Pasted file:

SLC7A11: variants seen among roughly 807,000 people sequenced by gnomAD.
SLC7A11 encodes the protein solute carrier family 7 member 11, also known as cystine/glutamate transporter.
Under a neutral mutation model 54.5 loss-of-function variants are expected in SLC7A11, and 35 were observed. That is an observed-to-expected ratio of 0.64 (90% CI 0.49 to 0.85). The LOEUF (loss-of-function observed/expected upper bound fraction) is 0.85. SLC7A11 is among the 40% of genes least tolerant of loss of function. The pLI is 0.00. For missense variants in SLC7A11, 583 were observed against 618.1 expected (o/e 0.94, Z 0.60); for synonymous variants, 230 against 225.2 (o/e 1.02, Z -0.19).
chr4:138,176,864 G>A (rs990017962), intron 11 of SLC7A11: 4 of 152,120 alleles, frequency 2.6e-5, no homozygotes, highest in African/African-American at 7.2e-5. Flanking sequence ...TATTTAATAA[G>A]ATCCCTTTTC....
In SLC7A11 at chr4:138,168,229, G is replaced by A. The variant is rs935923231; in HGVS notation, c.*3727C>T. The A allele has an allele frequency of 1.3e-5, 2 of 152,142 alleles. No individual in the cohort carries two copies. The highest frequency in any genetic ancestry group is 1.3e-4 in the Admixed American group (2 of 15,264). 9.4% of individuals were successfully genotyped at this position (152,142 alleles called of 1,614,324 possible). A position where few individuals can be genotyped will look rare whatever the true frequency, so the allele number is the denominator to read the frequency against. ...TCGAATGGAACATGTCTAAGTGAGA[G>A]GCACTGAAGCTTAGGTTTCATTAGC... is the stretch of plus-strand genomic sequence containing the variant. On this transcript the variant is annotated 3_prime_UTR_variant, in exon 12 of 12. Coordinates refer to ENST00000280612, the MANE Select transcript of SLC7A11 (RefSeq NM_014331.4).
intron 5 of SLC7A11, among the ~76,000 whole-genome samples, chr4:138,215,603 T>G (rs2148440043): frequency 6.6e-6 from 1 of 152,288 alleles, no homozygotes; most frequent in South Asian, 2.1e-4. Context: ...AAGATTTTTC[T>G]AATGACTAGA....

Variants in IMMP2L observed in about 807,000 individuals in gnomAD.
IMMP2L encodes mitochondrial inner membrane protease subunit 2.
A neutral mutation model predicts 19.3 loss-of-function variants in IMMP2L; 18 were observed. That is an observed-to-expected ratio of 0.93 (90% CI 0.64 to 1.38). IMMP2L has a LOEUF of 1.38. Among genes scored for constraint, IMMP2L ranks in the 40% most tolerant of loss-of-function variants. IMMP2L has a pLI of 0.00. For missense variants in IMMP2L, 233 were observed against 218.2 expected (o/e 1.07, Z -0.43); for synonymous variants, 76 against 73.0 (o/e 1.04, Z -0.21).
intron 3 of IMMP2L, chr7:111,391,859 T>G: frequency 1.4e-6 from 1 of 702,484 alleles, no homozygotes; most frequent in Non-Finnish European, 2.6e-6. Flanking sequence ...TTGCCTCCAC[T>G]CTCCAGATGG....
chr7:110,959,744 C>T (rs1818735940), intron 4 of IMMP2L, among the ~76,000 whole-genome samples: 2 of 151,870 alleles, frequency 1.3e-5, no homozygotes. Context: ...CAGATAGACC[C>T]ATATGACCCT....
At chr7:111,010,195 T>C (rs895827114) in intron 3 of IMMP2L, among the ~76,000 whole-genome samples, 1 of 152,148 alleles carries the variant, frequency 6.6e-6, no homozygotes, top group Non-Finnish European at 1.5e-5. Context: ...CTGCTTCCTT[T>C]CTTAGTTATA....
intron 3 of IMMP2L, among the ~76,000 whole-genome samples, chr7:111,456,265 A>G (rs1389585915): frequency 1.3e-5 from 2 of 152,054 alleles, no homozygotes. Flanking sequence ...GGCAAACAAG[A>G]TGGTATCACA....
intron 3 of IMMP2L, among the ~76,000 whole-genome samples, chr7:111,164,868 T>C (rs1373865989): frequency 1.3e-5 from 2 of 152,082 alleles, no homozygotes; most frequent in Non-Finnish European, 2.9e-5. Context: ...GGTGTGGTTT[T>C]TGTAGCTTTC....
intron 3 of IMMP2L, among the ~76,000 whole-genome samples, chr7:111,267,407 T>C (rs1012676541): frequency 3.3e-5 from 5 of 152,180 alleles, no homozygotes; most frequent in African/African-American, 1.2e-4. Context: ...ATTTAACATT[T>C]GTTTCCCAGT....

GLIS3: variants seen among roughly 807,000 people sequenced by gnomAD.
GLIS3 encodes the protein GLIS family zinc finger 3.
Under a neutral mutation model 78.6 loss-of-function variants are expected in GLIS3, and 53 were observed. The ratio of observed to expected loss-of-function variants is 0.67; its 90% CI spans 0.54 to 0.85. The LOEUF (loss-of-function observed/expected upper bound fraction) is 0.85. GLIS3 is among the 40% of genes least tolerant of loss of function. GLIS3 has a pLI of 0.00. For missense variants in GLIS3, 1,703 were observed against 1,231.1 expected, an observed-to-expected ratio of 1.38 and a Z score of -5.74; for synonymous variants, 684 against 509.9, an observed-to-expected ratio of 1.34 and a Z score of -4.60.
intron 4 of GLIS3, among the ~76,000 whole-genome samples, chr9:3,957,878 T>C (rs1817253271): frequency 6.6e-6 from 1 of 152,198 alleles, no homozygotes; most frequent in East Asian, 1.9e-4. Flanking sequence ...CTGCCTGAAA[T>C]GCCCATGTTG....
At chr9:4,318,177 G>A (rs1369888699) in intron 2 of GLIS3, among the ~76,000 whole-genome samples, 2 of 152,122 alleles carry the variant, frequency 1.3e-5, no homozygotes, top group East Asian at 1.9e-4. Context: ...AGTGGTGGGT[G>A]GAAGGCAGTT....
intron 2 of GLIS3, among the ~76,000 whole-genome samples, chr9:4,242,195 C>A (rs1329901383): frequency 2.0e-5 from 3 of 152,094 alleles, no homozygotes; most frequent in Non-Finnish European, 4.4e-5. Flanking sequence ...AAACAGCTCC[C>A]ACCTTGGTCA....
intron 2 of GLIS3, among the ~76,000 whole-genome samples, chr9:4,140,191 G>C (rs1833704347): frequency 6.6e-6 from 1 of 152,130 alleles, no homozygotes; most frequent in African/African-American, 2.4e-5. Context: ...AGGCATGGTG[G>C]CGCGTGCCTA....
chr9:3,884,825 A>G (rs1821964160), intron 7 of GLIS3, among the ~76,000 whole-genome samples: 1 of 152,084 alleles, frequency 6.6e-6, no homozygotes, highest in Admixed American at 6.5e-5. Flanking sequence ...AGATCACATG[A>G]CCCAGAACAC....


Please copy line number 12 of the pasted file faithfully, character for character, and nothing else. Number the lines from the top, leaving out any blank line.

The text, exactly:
At chr7:111,010,195 T>C (rs895827114) in intron 3 of IMMP2L, among the ~76,000 whole-genome samples, 1 of 152,148 alleles carries the variant, frequency 6.6e-6, no homozygotes, top group Non-Finnish European at 1.5e-5. Context: ...CTGCTTCCTT[T>C]CTTAGTTATA....